Buying gifts, gift cards and donating online are all common things during the holidays. Whether you're expecting a delivery or looking for romance AARP has some scams to watch out for. AARP Washington State Director Doug Shadel spotlighted several scams that gain popularity during the holidays. He also shared more about the work being done by AARP's Fraud Watch Network.
Learn more by visiting AARP's Fraud Watch Network site.
Here are the scams Doug spotlighted today:
Charity scams: Many people will donate to a good cause, or organization during the holidays. Unfortunately, thieves try to take advantage of this. Make sure to check the charity before donating to it on charitynavigator.org, or give.org to verify your money is going to the right place.
Package delivery scams: Sometimes thieves will send out fake e-mails from delivery services saying a package is being held pending delivery. This e-mail will direct you to a link asking for your credit card, or personal information. By checking the spelling, sender information, or hovering over the link with your mouse you can see if it is actually the delivery service's website. To better protect deliveries, request a signature for your package.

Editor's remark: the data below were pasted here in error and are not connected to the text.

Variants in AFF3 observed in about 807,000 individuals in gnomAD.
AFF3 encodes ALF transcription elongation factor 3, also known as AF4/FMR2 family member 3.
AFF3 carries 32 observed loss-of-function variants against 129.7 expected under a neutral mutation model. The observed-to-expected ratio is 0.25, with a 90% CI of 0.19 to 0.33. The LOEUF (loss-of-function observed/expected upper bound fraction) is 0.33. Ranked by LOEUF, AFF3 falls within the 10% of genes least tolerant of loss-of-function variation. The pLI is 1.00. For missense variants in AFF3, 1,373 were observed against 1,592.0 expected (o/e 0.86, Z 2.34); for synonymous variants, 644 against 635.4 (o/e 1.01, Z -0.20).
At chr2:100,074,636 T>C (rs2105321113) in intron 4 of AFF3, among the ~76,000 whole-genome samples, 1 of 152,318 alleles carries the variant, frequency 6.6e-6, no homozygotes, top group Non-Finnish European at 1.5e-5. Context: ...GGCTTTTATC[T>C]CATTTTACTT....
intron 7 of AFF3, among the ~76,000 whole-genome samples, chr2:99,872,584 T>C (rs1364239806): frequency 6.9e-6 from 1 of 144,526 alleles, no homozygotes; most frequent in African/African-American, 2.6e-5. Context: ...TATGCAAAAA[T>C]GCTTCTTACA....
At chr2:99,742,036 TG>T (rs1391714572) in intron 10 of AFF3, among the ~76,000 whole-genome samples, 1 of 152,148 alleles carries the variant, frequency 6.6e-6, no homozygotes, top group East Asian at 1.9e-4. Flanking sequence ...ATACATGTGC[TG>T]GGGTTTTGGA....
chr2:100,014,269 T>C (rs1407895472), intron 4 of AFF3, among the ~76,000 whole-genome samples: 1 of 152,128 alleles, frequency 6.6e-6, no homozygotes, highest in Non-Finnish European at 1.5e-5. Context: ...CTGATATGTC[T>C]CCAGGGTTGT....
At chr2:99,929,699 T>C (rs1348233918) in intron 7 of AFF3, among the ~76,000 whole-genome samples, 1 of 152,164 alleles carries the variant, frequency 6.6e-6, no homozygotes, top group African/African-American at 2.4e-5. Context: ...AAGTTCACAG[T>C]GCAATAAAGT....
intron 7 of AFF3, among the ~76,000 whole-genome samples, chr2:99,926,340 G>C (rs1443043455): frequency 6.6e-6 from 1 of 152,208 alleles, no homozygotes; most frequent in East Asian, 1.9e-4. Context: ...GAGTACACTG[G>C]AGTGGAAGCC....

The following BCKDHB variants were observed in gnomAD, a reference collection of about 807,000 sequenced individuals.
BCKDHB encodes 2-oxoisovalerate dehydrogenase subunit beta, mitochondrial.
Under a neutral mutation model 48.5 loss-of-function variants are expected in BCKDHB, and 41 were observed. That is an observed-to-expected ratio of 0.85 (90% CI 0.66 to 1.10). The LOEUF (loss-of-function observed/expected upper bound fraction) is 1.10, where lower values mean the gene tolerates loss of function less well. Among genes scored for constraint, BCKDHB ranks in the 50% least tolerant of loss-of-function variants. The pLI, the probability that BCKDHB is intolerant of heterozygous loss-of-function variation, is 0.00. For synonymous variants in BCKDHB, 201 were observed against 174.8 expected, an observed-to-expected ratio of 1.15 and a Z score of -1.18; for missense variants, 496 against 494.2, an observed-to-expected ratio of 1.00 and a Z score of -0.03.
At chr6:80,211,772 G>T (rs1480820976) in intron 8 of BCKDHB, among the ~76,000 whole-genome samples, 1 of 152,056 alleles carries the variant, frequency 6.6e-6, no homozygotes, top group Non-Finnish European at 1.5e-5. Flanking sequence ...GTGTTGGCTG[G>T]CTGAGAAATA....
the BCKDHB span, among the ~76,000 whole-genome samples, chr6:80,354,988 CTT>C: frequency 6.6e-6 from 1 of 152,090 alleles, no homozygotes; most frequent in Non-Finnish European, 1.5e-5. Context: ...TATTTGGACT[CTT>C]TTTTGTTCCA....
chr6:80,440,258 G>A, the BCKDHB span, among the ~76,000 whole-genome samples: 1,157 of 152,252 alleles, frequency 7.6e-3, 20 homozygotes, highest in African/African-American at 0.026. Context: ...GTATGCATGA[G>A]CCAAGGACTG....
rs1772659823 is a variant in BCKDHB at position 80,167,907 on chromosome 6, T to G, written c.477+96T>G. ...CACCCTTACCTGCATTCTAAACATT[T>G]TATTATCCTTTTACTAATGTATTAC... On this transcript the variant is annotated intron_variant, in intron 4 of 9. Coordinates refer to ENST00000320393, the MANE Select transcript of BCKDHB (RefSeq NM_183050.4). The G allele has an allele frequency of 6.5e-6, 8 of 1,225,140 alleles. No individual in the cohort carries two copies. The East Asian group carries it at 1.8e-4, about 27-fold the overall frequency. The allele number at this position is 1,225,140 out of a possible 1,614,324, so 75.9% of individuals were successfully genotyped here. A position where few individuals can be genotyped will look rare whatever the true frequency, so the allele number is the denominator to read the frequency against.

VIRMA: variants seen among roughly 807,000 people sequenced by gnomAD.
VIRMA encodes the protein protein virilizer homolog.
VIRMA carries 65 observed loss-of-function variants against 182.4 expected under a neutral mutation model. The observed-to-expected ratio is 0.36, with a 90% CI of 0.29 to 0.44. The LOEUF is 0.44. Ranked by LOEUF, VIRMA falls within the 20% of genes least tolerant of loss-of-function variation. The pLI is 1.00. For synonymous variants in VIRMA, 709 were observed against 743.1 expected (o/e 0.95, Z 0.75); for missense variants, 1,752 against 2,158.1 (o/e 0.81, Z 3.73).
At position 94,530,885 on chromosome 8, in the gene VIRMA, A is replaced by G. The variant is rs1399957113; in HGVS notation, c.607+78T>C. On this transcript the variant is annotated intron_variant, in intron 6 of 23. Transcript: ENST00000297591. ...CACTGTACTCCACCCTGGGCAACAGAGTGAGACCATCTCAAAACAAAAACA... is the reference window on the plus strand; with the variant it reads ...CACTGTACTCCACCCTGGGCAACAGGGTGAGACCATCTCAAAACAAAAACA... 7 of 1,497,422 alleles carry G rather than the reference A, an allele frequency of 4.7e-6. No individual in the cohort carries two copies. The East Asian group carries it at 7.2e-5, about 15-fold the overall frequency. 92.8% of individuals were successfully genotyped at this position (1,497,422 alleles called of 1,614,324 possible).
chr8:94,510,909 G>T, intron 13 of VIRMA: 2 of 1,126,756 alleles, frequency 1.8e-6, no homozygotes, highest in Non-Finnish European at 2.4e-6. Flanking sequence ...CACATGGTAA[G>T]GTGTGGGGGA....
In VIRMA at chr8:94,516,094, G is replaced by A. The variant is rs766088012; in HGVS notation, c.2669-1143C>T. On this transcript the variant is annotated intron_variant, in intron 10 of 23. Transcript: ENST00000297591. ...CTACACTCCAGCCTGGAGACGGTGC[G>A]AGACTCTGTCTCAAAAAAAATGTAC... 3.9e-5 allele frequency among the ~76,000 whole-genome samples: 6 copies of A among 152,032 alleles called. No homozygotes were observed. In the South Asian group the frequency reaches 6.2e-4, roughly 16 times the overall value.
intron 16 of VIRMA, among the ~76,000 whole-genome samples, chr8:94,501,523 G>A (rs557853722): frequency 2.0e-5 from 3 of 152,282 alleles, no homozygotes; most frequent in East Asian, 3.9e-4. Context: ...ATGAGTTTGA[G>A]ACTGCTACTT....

"Too-good-to-be-true" online deals: An extremely good deal, even if posted by someone you know can be a scam. You might get nothing for your item and your credit card number could be compromised. These deals should send up a red flag.
Public Wi-Fi risks: Making purchases on public Wi-Fi is dangerous. Only shop on public Wi-Fi if you have a virtual private network on your device. When you do shop online, use your credit card. If compromised you are only liable up to $50 for fraudulent use, your financial loss with a debit card can be much higher.
Gift card scams: Thieves can scan numbers off credit cards and check online, or call the toll-free number to see if it's activated. If it has been activated they will drain all the money on the card. To prevent this safely purchase gift cards directly from the store clerk, or buy them online.
Online dating scams: Talking to someone on a dating site can be fun. However, if they want to quickly take your conversation offline, resist talking on the phone, say they are abroad, can't meet you in person, and eventually ask for money - whether that's a plane ticket, or to help with a business venture - be extremely cautious before sending money. They probably don't have your best interests in mind.